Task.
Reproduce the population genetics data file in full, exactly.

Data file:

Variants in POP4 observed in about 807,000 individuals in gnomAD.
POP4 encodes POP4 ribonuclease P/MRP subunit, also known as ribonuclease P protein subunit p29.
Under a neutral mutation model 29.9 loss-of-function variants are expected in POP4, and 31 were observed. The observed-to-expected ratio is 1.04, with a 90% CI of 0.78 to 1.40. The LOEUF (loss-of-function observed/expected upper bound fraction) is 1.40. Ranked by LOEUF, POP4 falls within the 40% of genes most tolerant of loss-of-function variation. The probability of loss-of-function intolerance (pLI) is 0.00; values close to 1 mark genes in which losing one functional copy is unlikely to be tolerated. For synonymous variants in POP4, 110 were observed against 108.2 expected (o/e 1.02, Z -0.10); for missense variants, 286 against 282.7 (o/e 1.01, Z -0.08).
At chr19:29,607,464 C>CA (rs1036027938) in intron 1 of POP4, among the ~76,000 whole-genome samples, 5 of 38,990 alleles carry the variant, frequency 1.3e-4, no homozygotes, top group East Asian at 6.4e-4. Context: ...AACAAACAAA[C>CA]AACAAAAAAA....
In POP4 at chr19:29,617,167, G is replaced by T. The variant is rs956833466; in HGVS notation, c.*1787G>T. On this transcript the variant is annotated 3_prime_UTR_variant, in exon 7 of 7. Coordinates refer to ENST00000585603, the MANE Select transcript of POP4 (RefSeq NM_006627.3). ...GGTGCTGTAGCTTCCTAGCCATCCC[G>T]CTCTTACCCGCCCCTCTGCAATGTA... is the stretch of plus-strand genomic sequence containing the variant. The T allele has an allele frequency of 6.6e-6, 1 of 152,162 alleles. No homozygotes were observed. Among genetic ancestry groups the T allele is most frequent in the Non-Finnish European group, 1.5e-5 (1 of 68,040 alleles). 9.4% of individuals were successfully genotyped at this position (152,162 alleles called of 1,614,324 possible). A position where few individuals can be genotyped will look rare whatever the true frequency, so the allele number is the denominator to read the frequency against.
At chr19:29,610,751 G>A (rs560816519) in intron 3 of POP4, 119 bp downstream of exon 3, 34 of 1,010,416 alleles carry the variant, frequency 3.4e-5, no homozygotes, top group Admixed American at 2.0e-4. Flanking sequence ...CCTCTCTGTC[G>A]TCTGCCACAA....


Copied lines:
Variants in POP4 observed in about 807,000 individuals in gnomAD.
POP4 encodes POP4 ribonuclease P/MRP subunit, also known as ribonuclease P protein subunit p29.
Under a neutral mutation model 29.9 loss-of-function variants are expected in POP4, and 31 were observed. The observed-to-expected ratio is 1.04, with a 90% CI of 0.78 to 1.40. The LOEUF (loss-of-function observed/expected upper bound fraction) is 1.40. Ranked by LOEUF, POP4 falls within the 40% of genes most tolerant of loss-of-function variation. The probability of loss-of-function intolerance (pLI) is 0.00; values close to 1 mark genes in which losing one functional copy is unlikely to be tolerated. For synonymous variants in POP4, 110 were observed against 108.2 expected (o/e 1.02, Z -0.10); for missense variants, 286 against 282.7 (o/e 1.01, Z -0.08).
At chr19:29,607,464 C>CA (rs1036027938) in intron 1 of POP4, among the ~76,000 whole-genome samples, 5 of 38,990 alleles carry the variant, frequency 1.3e-4, no homozygotes, top group East Asian at 6.4e-4. Context: ...AACAAACAAA[C>CA]AACAAAAAAA....
In POP4 at chr19:29,617,167, G is replaced by T. The variant is rs956833466; in HGVS notation, c.*1787G>T. On this transcript the variant is annotated 3_prime_UTR_variant, in exon 7 of 7. Coordinates refer to ENST00000585603, the MANE Select transcript of POP4 (RefSeq NM_006627.3). ...GGTGCTGTAGCTTCCTAGCCATCCC[G>T]CTCTTACCCGCCCCTCTGCAATGTA... is the stretch of plus-strand genomic sequence containing the variant. The T allele has an allele frequency of 6.6e-6, 1 of 152,162 alleles. No homozygotes were observed. Among genetic ancestry groups the T allele is most frequent in the Non-Finnish European group, 1.5e-5 (1 of 68,040 alleles). 9.4% of individuals were successfully genotyped at this position (152,162 alleles called of 1,614,324 possible). A position where few individuals can be genotyped will look rare whatever the true frequency, so the allele number is the denominator to read the frequency against.
At chr19:29,610,751 G>A (rs560816519) in intron 3 of POP4, 119 bp downstream of exon 3, 34 of 1,010,416 alleles carry the variant, frequency 3.4e-5, no homozygotes, top group Admixed American at 2.0e-4. Flanking sequence ...CCTCTCTGTC[G>A]TCTGCCACAA....